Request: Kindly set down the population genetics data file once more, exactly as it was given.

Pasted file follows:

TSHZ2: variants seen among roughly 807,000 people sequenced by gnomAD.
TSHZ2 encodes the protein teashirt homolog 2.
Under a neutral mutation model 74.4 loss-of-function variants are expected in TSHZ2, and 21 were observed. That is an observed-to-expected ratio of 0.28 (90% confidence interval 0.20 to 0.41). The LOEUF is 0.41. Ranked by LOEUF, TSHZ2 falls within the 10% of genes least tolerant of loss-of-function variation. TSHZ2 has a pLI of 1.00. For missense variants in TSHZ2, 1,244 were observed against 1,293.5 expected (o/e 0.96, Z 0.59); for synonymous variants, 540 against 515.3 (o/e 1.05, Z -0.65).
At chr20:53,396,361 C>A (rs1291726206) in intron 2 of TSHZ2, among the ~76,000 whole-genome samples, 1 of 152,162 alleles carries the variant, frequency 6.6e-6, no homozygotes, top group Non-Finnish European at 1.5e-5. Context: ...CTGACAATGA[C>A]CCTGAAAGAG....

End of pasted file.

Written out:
TSHZ2: variants seen among roughly 807,000 people sequenced by gnomAD.
TSHZ2 encodes the protein teashirt homolog 2.
Under a neutral mutation model 74.4 loss-of-function variants are expected in TSHZ2, and 21 were observed. That is an observed-to-expected ratio of 0.28 (90% confidence interval 0.20 to 0.41). The LOEUF is 0.41. Ranked by LOEUF, TSHZ2 falls within the 10% of genes least tolerant of loss-of-function variation. TSHZ2 has a pLI of 1.00. For missense variants in TSHZ2, 1,244 were observed against 1,293.5 expected (o/e 0.96, Z 0.59); for synonymous variants, 540 against 515.3 (o/e 1.05, Z -0.65).
At chr20:53,396,361 C>A (rs1291726206) in intron 2 of TSHZ2, among the ~76,000 whole-genome samples, 1 of 152,162 alleles carries the variant, frequency 6.6e-6, no homozygotes, top group Non-Finnish European at 1.5e-5. Context: ...CTGACAATGA[C>A]CCTGAAAGAG....